Telsa founder Elon Musk tweeted Tuesday that he is considering taking the publicly traded company private at $420 per share, stressing “funding secured.”
That would be a short-seller’s nightmare: the company whose stock they are betting against winds up getting taken over, generally sending shares soaring.
Indeed, Tesla’s stock surged more than 8 percent at one point after Musk’s tweet. It was up more than 7 percent to $367.25 when trading was halted late afternoon. The stock subsequently resumed trading and closed up 11 percent at $379.57, rewarding investors with long positions but rocking the shorts.
Tesla has been the most heavily shorted stock in the U.S. for some time, according to S3 Partners, a financial technology and analytics firm.
David Einhorn’s Greenlight Capital is among the hedge funds short Tesla, and has been for several years. Almost every quarter, Greenlight devotes a portion of its client letter to reiterating why it thinks the stock is vastly overvalued.
Tesla, however, is the second company this year that Greenlight is heavily short and has become the target of a possible or real takeover offer.
In May, Paul Singer’s Elliott Associates offered to acquire health care software company Athenahealth for $160 per share, a 27 percent premium to the stock’s previous close at the time. Greenlight has been short the stock for several years.
Greenlight did not respond to a request to comment.
In the case of Tesla, Einhorn has plenty of company among investors who think the stock is too high.
[II Deep Dive: Tesla Continues to Thwart Short-Sellers]
At the beginning of August, Tesla’s short interest stood at $10.53 billion with 35.33 million shares shorted, or 27.88 percent of its float, according to S3 Partners. “Short-sellers continue to have conviction in Tesla underperforming over the longer term,” it added in an August 1 report.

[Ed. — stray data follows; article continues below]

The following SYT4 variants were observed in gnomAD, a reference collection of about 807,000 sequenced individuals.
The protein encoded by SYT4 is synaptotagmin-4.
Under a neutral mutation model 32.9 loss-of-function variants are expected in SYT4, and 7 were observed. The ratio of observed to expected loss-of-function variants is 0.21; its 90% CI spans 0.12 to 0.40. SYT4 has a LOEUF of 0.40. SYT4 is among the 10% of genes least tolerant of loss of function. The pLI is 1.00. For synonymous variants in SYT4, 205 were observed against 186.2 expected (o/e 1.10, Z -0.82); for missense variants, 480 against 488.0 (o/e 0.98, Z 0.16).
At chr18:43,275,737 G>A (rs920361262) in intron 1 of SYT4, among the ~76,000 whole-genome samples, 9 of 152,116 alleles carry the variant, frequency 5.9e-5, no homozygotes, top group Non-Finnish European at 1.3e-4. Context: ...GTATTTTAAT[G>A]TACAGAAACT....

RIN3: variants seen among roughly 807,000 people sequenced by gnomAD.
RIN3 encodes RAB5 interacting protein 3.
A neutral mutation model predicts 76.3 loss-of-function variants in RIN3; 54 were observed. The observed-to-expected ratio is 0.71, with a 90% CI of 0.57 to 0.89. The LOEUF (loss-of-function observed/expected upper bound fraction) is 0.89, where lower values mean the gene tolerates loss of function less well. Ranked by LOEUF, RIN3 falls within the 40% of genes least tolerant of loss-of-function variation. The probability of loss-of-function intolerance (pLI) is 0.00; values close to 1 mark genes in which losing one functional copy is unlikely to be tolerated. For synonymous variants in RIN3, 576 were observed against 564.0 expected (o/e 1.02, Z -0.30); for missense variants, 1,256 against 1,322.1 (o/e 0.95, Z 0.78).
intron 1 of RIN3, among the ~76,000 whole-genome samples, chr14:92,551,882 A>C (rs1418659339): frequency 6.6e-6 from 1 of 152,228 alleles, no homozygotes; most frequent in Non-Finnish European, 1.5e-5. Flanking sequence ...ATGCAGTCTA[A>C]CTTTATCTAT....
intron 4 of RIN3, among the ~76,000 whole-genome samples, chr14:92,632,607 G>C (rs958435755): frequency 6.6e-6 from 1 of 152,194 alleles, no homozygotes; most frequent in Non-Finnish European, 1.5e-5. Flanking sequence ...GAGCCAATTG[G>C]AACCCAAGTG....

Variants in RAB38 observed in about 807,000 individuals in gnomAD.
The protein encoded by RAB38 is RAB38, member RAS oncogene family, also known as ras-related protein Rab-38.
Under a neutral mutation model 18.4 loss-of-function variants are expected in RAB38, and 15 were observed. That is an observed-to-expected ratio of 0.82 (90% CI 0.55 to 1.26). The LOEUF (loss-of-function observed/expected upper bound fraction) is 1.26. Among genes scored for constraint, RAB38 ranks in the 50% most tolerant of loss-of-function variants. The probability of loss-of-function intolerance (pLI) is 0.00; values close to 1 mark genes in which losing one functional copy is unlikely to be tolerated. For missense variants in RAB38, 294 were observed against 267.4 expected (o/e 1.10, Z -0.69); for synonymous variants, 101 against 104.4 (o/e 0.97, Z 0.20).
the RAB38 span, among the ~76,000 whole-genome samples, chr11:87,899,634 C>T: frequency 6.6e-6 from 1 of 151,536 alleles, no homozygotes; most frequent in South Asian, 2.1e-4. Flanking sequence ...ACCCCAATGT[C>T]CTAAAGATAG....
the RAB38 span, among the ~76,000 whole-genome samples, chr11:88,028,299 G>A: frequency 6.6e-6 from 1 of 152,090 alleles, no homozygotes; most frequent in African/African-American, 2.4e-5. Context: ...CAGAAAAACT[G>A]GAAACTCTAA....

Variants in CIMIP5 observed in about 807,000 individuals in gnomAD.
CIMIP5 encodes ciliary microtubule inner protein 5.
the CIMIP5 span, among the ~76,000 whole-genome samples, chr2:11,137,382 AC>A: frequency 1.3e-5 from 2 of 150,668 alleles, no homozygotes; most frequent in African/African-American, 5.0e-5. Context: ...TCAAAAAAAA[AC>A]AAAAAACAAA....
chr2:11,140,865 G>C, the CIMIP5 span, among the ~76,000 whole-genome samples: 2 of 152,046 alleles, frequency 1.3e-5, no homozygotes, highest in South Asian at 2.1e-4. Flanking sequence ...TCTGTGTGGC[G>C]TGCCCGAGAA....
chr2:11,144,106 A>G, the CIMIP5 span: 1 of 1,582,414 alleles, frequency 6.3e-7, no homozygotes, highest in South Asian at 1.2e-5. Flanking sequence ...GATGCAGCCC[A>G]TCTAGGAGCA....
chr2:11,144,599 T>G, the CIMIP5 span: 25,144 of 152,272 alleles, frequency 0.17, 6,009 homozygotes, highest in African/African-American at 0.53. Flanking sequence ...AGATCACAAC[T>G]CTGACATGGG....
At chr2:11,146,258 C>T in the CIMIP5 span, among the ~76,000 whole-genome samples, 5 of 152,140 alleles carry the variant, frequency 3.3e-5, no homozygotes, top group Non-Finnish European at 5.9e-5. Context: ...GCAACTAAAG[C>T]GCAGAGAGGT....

As Institutional Investor has previously reported, several hedge funds have had bets against the stock, including Greenlight, Anthony Bozza’s Lakewood Capital Management, Jim Chanos’s Kynikos Associates, and Nathaniel August’s Mangrove Partners.
Mangrove refused to confirm or deny a short position.
When Lakewood posted a 4 percent loss for the first half of the year, Bozza blamed his short position in Tesla, among other losing bets, for his setback, according to his second-quarter letter obtained by II.
Likewise, Greenhight’s recently published second-quarter letter devoted three paragraphs to explaining why the company is not how bullish investors present it. “The odd thing is that while investors claim to be interested in the long-term growth of TSLA (as the valuation certainly can’t be supported by the current loss-making enterprise), the company is focusing investors on very short-term goals,” the letter stated.
Notably, one is hard-pressed to find a hedge fund with a significant long position in Tesla, according to regulatory filings. At the end of the first quarter there was no apparent hedge fund — at least none with notoriety — that disclosed a sizable position in the shares. In a week or so, funds will begin disclosing their holdings as of June 30.
At the Sohn Investment Conference in New York in August, Benchmark general partner Bill Gurley, who was talking up tech stocks, told the audience, “Elon [Musk] makes it too risky to own the stock.” He suggested they look at Tesla’s bonds, instead.